Mr. Nields called this a major societal issue. “Residents are shying away from mammography. It’s poorly reimbursed, and one is frequently sued,” he said.

The multifaceted issues of reimbursement and federal regulation—and their influences on the development and diffusion of new technologies—clearly interested committee members.

“The fact is that the cost of providing mammography services is greater than the reimbursement, and I think that is just about universal,” said panel member Michael W. Vannier, MD, of the University of Iowa School of Medicine.

According to Mr. Nields, Medicare pays $130 to reimburse an osteoporosis screening, but only about half that for a mammogram. And Dr. Vannier pointed out that mammography centers have the extra burden of FDA regulations that require their inspection and certification.

Impact of FDA Regulations

Larry Norton, MD, head of solid tumor oncology, Memorial Sloan-Kettering Cancer Center, alluded to another conflict within today’s medicine. “Companies want to make a product, sell it, and make a profit. They want a product that is useful, but there is a profit motive there,” he said. “Managed care companies want to buy as few machines as possible and do as few tests as possible. Where government weighs in on this situation is extremely important.”

The FDA regulatory process, which is time consuming and expensive, coupled with the money issue, is already affecting imaging technology, Mr. Nields said. “If you get through the regulatory gate, then you have to get through the reimbursement gate. So industry is not pursuing new imaging devices for breast cancer,” he said.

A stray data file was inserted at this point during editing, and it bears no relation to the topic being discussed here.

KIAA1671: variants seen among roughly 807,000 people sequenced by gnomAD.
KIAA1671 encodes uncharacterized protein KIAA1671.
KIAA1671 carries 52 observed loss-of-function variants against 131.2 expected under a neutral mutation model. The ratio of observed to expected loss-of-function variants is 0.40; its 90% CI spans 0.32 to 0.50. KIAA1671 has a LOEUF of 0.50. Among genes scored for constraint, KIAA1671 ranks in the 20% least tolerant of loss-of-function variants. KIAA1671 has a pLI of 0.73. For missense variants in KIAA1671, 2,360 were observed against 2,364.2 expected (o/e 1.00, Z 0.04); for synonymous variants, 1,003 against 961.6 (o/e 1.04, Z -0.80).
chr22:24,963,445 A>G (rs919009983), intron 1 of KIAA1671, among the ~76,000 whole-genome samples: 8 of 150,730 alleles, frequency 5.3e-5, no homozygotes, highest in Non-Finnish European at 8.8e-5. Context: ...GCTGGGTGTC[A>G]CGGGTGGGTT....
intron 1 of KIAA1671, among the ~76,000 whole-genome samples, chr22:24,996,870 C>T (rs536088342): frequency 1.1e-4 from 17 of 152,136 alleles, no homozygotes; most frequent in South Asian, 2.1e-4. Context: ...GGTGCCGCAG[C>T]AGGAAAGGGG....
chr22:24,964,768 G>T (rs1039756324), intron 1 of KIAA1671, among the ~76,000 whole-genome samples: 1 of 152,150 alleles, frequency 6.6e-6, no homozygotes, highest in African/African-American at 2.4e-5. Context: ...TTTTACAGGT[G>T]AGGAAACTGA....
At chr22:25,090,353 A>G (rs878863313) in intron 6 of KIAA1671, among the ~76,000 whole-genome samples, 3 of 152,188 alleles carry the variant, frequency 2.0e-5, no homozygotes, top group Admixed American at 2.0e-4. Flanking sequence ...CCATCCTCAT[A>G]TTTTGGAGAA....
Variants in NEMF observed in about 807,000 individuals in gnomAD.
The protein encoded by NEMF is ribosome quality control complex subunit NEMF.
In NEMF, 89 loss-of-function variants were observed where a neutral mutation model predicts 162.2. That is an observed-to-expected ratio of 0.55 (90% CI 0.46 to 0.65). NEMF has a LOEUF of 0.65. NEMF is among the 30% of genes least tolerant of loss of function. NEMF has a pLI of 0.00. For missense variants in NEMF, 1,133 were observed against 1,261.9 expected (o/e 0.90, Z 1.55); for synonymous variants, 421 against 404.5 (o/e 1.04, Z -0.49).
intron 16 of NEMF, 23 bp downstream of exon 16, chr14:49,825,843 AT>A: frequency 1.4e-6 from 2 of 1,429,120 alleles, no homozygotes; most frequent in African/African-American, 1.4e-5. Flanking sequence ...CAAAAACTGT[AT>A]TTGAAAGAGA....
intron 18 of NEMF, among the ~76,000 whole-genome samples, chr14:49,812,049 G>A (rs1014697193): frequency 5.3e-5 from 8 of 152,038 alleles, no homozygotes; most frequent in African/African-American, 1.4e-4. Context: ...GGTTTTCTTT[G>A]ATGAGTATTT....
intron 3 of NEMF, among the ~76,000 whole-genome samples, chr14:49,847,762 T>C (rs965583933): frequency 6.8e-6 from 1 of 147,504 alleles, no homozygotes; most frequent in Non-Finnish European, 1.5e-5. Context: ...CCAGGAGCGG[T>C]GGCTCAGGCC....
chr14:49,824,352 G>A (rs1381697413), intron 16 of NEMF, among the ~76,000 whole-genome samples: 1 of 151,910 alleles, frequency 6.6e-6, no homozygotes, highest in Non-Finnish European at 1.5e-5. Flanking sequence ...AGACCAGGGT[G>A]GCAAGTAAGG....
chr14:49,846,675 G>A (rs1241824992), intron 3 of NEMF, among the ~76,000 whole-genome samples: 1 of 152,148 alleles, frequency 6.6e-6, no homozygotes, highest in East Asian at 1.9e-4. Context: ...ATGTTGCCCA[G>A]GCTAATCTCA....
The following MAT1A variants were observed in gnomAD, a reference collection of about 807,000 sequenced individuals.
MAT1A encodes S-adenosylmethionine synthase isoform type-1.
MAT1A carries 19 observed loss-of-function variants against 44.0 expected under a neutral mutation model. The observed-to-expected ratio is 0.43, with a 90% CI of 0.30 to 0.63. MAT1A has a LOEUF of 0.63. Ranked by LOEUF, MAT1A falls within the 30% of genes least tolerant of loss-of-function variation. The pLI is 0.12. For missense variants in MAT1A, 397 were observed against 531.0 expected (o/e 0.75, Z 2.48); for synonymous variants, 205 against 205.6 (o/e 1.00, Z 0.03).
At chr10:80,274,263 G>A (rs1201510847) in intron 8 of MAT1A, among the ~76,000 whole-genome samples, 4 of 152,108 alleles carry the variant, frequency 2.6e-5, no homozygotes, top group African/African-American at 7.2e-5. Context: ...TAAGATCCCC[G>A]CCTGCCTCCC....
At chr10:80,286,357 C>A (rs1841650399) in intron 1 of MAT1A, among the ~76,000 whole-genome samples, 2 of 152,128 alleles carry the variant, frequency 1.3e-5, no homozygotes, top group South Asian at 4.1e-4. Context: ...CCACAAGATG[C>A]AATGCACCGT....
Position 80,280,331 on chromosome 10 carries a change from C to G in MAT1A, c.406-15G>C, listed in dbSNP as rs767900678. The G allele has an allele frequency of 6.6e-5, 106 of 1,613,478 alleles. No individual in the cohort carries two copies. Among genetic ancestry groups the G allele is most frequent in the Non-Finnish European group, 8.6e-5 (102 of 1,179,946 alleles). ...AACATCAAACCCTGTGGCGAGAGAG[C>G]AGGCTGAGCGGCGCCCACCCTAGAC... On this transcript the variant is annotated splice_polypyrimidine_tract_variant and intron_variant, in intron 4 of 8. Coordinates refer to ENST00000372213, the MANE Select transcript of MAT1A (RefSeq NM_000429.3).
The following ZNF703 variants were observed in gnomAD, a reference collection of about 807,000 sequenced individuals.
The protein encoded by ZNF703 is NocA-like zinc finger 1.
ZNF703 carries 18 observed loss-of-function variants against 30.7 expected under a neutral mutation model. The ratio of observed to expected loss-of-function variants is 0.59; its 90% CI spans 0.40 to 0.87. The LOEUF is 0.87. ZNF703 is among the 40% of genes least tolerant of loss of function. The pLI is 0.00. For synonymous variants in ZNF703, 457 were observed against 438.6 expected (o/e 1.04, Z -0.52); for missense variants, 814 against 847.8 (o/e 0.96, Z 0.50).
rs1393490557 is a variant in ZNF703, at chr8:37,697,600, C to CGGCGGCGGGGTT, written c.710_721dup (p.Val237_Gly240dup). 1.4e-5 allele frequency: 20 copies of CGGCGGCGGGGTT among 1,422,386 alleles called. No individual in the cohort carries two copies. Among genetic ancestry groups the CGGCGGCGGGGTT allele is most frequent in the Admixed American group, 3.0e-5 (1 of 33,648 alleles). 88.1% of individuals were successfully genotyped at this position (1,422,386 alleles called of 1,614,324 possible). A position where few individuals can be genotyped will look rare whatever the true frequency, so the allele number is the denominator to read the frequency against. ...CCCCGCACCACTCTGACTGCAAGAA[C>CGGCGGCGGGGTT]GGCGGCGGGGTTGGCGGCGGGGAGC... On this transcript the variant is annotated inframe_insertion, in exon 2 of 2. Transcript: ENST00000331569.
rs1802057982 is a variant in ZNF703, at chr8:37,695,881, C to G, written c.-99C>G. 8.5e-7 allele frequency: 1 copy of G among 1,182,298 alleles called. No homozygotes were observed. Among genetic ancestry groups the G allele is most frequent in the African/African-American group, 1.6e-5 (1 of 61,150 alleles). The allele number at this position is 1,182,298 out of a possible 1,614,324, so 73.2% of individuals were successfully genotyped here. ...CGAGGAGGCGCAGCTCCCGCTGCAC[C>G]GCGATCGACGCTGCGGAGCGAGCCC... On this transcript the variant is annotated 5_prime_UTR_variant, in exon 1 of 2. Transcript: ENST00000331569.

Funding for the committee study is being provided by a group of seven foundations. “Because this isn’t being done at the request of a particular federal agency, this committee has a lot of leeway in defining what its task should be,” said Robert Cook-Deegan, PhD, director of IOM’s National Cancer Policy Board.

Panel members also pondered who their audience might be for the report. Dr. Cook-Deegan cited Congress, the NCI, FDA, Department of Defense, Health Care Financing Administration and private payers, and even the NASA technology transfer program.

Committee vice chair I. Craig Henderson, MD, of the University of California, San Francisco, added two others: industry and investors. “More than drugs, devices have been very dependent on the private sector,” he said. And he added another issue for the panel to consider, one of vital interest to both groups that could seriously influence their decisions on new technologies: “Is there greater risk in investing in early detection than in other areas in health care?”

Dr. Norton reminded the panel that not everyone holds the same view on the need to develop new screening techniques to catch breast cancer at an even earlier stage. “Even if everyone in this room thinks that screening is important, there are people out there who don’t,” he said.